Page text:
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Crime

Columbus parents convicted of murder in child’s death will get a new trial. Here’s why.

 

After multiple court hearings over two decades of appeals, a Columbus mother and father convicted of murder and sentenced to life in prison in their infant daughter’s death have been granted a new trial.

In a unanimous ruling announced Friday, the Georgia Supreme Court overturned the convictions of Ashley and Albert Debelbot, deciding they were denied their Sixth Amendment right to effective assistance of counsel during their joint trial in October 2009.

A jury convicted the couple in the death of their daughter McKenzy, who was born May 29, 2008, at Fort Benning’s Martin Army Hospital and released the next afternoon.

After the Debelbots brought her home to their apartment on Buena Vista Road, they found a lump on her forehead early on June 1, and took her back to Martin Army. She was pronounced dead at 3:55 a.m.

The medical examiner conducting the autopsy said it showed McKenzy died of trauma resulting from a blow or series of blows to the head. Because the child was thought to be healthy when she left the hospital, and was solely in her parents care afterward, both were charged with murder, and convicted after they were tried together from Oct. 26 to Oct. 29, 2009.

Defense attorneys since have argued McKenzy was born with a brain deformation, and her fatal injuries resulted from a “vascular event” that occurred during her birth.

From 2014 to 2017, the Debelbots sought a new trial in a series of hearings in which their lawyers argued the couple’s 2009 trial attorneys were deficient in failing to call expert medical witnesses to counter the medical examiner’s testimony.

Among those involved in the defense were the Georgia Innocence Project, the Wisconsin Innocence Project, and the Chattahoochee Judicial Circuit’s public defender office. They called experts to testify McKenzy’s injuries resulted from birth defects and a difficult delivery.

Though they delved into complicated medical issues that provoked arguments over the computer system used for McKenzy’s brain scans and whether that software was approved by the FDA and reliable enough to be admitted in court, the Supreme Court justices based their decision on just a few key words the prosecutor said in her closing argument.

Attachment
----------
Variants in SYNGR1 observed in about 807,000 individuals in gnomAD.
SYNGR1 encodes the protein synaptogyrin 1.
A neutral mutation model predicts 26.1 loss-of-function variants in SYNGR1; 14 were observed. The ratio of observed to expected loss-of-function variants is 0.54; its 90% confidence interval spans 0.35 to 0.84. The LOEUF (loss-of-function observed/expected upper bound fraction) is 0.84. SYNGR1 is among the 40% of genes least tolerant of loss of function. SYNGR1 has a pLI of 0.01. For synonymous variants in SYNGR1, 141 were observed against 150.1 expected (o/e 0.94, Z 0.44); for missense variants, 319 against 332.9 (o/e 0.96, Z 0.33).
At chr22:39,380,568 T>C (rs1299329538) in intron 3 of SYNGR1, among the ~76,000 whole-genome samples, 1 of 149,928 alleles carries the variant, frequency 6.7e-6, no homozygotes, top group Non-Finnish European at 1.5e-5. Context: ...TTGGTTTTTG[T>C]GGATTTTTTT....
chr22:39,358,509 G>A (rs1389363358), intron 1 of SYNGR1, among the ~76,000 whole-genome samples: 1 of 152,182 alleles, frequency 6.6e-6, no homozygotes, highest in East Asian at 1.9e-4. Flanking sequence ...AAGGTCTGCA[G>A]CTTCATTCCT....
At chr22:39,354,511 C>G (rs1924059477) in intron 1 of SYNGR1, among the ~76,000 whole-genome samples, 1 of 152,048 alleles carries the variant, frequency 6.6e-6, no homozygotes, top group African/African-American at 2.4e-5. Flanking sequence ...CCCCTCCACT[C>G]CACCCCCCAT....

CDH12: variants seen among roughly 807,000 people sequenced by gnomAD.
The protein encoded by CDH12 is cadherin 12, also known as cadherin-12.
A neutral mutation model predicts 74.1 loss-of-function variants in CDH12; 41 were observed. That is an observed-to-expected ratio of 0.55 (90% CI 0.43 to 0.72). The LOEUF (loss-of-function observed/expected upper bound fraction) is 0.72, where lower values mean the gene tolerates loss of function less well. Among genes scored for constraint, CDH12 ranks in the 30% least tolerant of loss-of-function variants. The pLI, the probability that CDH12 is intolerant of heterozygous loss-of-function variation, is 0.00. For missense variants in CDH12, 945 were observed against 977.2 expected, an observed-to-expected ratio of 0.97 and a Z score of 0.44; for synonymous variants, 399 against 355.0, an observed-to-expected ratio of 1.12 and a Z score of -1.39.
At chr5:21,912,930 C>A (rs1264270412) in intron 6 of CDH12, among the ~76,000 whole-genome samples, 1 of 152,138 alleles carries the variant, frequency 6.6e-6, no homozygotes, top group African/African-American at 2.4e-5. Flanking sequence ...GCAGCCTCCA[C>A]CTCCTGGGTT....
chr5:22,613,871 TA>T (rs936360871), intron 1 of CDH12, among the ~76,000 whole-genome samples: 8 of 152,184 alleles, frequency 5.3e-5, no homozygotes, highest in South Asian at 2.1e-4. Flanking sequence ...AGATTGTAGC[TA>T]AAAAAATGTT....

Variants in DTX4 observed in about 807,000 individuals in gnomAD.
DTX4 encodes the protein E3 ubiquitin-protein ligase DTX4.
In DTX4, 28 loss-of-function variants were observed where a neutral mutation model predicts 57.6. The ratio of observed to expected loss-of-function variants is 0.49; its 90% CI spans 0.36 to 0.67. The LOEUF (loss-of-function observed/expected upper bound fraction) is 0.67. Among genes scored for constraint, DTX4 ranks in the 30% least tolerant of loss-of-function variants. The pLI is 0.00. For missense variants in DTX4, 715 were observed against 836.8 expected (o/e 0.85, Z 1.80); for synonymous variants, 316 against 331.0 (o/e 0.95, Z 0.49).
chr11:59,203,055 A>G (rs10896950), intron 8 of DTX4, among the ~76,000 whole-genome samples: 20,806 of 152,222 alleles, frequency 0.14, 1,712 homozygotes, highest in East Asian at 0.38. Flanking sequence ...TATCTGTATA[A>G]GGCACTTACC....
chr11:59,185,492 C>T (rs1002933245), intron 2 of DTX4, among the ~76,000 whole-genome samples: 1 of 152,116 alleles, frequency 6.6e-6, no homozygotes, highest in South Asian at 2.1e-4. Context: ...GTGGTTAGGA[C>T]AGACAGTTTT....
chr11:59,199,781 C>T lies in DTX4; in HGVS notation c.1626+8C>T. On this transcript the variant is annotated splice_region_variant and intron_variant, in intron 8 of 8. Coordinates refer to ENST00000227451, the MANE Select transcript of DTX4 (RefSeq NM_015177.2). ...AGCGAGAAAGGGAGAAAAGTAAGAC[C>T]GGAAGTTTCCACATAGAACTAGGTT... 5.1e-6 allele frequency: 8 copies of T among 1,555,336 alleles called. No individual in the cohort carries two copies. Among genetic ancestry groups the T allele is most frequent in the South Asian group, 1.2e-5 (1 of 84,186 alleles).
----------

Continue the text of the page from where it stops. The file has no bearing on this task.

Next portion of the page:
In explaining the concept of “reasonable doubt,” which in a juror’s mind would justify a vote to acquit, Assistant District Attorney Sadhana Dailey said it “does not mean beyond all doubt,” and added:

“It does not mean to a mathematical certainty. Which means we don’t have to prove that 90 percent. You don’t have to be 90 percent sure. You don’t have to be 80 percent sure. You don’t have to be 51 percent sure.”

The Debelbots’ defense attorneys, Bill Mason for the husband and William “Sandy” Callahan for the wife, did not object, and the jury was left with that understanding of the required standard of proof.

That alone was enough to overturn their convictions, the court ruled, so addressing the defense’s failure to call experts to counter the medical examiner’s unrebutted testimony was unnecessary.

“The Debelbots have shown a reasonable probability that, but for the failure of their lawyers to object during closing argument to the gross misstatement of the law by the prosecuting attorney, the outcome of their trial would have been different. Because the Debelbots were denied the effective assistance of counsel at trial, we reverse.”

In a footnote, the court delved further into setting a percentage for juror certainty, writing:

“Although our opinion focuses on the prosecuting attorney’s misstatement that proof beyond a reasonable doubt does not require evidence establishing even a 51 percent certainty of guilt, we also disapprove the statements that a jury need not be 90 percent or 80 percent certain of guilt to find beyond a reasonable doubt that a defendant is guilty. We admonish lawyers not to confuse jurors by attempting to quantify a standard of proof that is not susceptible to quantification.”

Though the ruling overturns Muscogee Superior Court Judge Arthur Smith III’s decision to deny the Debelbots a new trial, it does not free them from prison.

The next step is for the Supreme Court to send the case back to Muscogee County Superior Court. “The plan at this point is to try it again,” District Attorney Julia Slater said Friday.

Now 34, Albert Omenged Debelbot remains in the Walker State Prison in Rock Springs. He began serving his sentence on Dec. 21, 2009, according to the Georgia Department of Corrections.

Ashley Deone Debelbot, now 35, is in the Pulaski State Prison in Hawkinsville. She started serving her sentence on Dec. 16, 2009.

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